Ishikawa Ienari


Ishikawa Clan


Mikawa Province

Lifespan:  Tenbun 3 (1534) to 10/19 of Keichō 14 (1609)

Other Names:  Hikogorō (childhood)

Rank:  bushō

Title:  Junior Fifth Rank (Lower), Governor of Hyūga

Clan:  Ishikawa

Bakufu:  Edo

Domain:  Mino-Ōgaki

Lord:  Tokugawa Ieyasu

Father:  Ishikawa Kiyokane

Mother:  Myōshun-ni (daughter of Mizuno Tadamasa and older sister of Odai-no-kata)

Siblings:  Yasumasa (Yasuamasa), Kazumasa, Ienari, sister (wife of Sakai Masachika)

Wife:  [Formal]  Daughter of Matsudaira Kiyoyoshi

Children:  Yasumichi, Naritsugu, daughter (formal wife of Ōkubo Tadachika), daughter (formal wife of Honda Yasushige)

Adopted Children:  Tadafusa, Naritaka

Ishikawa Ienari served as a bushō from the Sengoku to early Edo periods.  He was a retainer of the Tokugawa clan.  Ienari served as the second lord of the Mino-Ōgaki domain.  He was a cousin of Tokugawa Ieyasu on the side of his mother and the uncle of Ishikawa Kazumasa.  He served as the second head of the Ishikawa family in the Ise-Kameyama domain.  He is counted among the Sixteen Generals of the Tokugawa.

In 1534, Ienari was born as the third son of Ishikawa Kiyokane in Nishio in Mikawa Province.  Kiyokane was a retainer of the Matsudaira clan of Mikawa.  Ienari’s mother, Odai-no-kata, was the younger sister of the natural mother of Tokugawa Ieyasu.  From around the time that Ieyasu was a hostage of Imagawa Yoshimoto (the sengoku daimyō of Suruga Province), Ienari served as a hereditary retainer.  In 1558, he served in the vanguard forces during an attack in Terabe.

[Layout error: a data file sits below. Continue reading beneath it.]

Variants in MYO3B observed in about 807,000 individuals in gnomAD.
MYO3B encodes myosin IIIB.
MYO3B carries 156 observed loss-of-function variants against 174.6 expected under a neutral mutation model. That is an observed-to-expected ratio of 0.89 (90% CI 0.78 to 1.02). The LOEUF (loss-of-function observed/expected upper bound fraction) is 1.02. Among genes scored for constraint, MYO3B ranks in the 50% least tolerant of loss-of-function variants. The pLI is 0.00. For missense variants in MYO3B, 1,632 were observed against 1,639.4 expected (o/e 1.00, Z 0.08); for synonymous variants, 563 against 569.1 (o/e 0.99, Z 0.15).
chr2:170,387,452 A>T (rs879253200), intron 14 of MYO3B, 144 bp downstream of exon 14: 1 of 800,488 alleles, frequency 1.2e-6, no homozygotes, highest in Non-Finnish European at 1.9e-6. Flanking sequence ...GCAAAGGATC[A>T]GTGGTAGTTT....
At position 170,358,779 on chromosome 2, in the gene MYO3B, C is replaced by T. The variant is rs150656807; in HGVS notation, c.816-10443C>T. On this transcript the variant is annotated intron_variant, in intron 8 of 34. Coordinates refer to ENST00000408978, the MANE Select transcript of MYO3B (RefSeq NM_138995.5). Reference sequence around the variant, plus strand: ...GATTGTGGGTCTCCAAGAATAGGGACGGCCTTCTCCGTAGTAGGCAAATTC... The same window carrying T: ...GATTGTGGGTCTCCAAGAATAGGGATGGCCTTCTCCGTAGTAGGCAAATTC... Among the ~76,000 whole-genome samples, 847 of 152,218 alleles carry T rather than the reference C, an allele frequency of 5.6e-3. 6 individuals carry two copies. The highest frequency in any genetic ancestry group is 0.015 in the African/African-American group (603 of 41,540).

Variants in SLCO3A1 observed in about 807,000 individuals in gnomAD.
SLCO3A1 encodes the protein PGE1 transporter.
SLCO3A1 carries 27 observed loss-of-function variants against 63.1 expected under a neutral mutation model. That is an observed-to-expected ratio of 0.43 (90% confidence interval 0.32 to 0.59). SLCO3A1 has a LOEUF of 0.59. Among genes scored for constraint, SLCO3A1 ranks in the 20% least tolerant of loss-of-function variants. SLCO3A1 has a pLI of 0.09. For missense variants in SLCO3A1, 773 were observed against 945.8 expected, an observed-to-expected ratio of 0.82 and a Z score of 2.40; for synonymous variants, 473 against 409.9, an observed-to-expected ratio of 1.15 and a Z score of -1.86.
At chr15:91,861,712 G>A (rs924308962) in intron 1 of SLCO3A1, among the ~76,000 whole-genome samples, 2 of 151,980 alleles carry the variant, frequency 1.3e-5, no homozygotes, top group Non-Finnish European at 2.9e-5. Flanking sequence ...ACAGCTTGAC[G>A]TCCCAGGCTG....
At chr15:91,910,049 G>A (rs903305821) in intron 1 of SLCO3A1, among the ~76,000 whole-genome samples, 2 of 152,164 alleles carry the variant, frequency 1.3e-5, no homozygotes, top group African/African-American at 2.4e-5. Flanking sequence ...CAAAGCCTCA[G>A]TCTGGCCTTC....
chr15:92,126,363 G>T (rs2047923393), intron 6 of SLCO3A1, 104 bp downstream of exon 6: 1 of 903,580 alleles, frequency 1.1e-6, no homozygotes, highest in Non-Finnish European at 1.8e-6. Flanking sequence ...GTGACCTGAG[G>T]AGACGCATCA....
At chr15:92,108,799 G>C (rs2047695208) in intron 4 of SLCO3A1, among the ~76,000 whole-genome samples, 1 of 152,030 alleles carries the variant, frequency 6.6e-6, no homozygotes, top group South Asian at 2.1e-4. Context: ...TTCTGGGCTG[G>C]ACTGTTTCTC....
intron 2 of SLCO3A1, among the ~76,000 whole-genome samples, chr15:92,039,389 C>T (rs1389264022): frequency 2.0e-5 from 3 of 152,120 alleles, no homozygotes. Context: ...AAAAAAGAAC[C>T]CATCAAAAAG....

Ienari served on behalf of the Tokugawa in many contests including, in 1560, the siege of the Marune fortress; in 1561, the siege of 鳥羽根 Castle; in 1563, the battle to subdue the Mikawa Ikkō-ikki; and, in 1570, the Battle of Anegawa.  As the hatagashira, or head of the band of bushi in the western portion of Mikawa Province, he contributed in the early days of Ieyasu rise to dominance.  Sakai Tadatsugu served as the hatagashira for eastern Mikawa.  Ienari was an ardent follower of the Ikkō sect, but during the Mikawa Ikkō-ikki, he joined his father, Kiyokane, to convert to another sect as a display of his loyalty to Ieyasu.

In 1569, after the fall of Imagawa Ujizane, Ienari was appointed to serve as the lord of Kakegawa Castle in Tōtōmi Province.  That same year, he transferred the role as the head of the band of bushi in the western portion of Mikawa to his nephew, Ishikawa Kazumasa.

In 1580, Ienari transferred the headship of the clan to his eldest son, Ishikawa Yasumichi, and retired.  In 1590, after the demise of the Gohōjō clan, he was transferred to the Kantō by Tokugawa Ieyasu and granted a retirement income of 5,000 koku in Umenawa in Izu Province.

In 1607, Yasumichi, the first lord of the Mino-Ōgaki domain, preceded his father in death so the headship of the clan reverted to Ienari and he became the second lord of the domain.  However, after having once retired, or perhaps owing to his advanced age, he did not participate in the administrative affairs of the bakufu.  On 10/19 of Keichō 14 (1609), he died at the age of seventy-six.  Ienari was succeeded by Ishikawa Tadafusa, a grandchild from a daughter married into another family​ whom he adopted.

Ienari was known as a loyal retainer who was second-to-none and was deeply trusted.  After his death, in the absence of an heir his family would have ordinarily come to an end but was permitted to continue on account of the respect toward him.